I have two tips for you. First, you do the same thing you would do if you wanted to get to know somebody you already know better, like, say, your own spouse, a friend, a parent, a co-worker, your minister. And that is: you have to spend more time with her or him, carve out some space and devote yourself to the task intentionally—like with your grandchildren. That would be true of getting to know Jesus, too—it is a matter of time.
Second, look for the unusual detail, for the sudden true-to-life phrasing that jumps out of the formality and staginess of the 1st century rhetoric. There are many such details in the Bible, which we might miss while cruising in our sleepy channel. These unusual features give life and credibility to the stories.
For instance, today’s scripture lesson from the 2nd chapter of Mark contains a case in point.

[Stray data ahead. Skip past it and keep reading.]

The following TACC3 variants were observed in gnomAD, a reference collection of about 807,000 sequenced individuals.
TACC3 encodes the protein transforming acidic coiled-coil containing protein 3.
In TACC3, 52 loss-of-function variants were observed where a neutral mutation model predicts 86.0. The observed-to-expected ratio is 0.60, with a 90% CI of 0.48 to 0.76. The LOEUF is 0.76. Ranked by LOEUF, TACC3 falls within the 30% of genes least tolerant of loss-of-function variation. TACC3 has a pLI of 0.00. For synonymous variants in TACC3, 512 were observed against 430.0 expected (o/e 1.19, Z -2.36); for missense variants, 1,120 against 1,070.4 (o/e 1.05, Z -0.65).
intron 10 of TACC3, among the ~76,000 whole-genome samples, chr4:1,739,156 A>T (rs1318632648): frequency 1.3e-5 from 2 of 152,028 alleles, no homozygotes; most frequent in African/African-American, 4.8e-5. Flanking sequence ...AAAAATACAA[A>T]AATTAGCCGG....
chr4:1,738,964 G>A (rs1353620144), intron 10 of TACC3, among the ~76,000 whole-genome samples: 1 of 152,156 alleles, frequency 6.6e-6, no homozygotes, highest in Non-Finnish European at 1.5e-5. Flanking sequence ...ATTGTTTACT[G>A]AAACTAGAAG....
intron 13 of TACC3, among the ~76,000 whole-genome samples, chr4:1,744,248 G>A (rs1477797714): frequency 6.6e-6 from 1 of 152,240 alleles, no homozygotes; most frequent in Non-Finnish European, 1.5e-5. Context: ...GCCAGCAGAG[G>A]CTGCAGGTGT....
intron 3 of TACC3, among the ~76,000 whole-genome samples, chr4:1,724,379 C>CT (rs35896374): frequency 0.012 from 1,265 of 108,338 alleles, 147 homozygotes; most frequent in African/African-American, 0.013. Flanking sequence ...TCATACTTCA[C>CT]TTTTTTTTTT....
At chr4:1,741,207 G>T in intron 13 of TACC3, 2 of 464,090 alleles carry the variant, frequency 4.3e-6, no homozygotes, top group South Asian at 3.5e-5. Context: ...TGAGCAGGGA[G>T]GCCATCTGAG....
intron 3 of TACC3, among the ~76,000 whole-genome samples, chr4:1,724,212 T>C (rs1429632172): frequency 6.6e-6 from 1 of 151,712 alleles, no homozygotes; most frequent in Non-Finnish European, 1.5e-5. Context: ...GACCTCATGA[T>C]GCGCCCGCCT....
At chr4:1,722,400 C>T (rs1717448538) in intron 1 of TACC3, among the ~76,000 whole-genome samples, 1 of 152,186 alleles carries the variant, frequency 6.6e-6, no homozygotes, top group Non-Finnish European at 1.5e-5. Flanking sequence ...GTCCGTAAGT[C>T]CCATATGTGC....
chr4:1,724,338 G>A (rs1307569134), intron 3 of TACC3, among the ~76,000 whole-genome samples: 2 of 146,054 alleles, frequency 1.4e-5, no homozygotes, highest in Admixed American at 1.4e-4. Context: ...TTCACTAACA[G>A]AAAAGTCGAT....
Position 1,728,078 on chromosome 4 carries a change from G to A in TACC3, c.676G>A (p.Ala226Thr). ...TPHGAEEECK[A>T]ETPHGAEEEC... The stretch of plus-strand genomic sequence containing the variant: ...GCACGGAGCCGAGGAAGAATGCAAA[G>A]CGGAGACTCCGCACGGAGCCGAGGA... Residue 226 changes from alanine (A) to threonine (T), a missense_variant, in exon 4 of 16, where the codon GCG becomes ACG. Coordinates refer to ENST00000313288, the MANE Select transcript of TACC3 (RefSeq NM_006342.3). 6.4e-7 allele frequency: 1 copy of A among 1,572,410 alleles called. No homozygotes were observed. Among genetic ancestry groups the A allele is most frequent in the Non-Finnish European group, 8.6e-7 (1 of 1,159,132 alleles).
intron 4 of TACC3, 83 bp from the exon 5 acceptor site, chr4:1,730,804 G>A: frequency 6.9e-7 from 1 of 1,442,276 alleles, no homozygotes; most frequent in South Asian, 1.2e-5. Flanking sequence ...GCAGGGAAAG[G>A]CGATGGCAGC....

I’m using the translation by Stephen Mitchell—an unauthorized, unecclesiastical, nonacademic genius who has also translated the Book of Psalms, Job, the Tao te Ching. We are early in the ministry of Jesus when he has determined to set out, teaching and healing, into the countryside around Capernaum where it seems Jesus has set up a kind of home base. We learn that this junket has had some good effect because when he returns to Capernaum, word of this has gone out and a crowd has gathered at his house (his own home?). And such a crowd it was—the house was absolutely full and the entry blocked with people. But someone’s need to see Jesus in person was so great that something had to be done to get around the crush—four men had a paralytic on a stretcher—and what do they do, they get up on the roof, probably a low flat thatched roof, and opened up enough space to get the paralytic through and deposit him at Jesus’ feet.